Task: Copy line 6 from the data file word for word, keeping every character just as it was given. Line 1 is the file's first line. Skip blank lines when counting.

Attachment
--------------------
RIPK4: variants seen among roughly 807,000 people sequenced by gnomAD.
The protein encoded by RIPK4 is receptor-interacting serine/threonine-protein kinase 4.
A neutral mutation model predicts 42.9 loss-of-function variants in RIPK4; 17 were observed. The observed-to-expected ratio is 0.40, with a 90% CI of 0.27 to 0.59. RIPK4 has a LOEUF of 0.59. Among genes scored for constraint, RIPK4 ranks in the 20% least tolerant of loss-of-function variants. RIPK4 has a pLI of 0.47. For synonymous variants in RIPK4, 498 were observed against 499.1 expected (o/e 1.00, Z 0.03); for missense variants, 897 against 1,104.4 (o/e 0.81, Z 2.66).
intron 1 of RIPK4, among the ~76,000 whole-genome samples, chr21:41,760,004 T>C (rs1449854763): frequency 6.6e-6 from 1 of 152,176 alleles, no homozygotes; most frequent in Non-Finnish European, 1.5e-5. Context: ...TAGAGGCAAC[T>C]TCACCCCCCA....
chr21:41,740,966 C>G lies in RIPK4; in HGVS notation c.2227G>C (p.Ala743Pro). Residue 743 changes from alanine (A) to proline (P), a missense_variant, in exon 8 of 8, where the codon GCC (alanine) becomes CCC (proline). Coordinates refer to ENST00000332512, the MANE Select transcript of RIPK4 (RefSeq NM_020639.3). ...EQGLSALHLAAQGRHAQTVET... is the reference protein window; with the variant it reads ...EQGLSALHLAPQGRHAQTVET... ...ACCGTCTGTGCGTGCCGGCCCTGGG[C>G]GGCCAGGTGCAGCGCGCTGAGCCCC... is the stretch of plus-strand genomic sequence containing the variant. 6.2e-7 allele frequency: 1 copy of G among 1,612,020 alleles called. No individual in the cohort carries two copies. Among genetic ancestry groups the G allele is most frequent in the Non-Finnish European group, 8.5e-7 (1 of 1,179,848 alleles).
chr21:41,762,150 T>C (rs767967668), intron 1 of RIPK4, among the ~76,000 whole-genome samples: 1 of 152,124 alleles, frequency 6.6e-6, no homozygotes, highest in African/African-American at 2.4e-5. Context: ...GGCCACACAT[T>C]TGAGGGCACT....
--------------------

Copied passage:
chr21:41,762,150 T>C (rs767967668), intron 1 of RIPK4, among the ~76,000 whole-genome samples: 1 of 152,124 alleles, frequency 6.6e-6, no homozygotes, highest in African/African-American at 2.4e-5. Context: ...GGCCACACAT[T>C]TGAGGGCACT....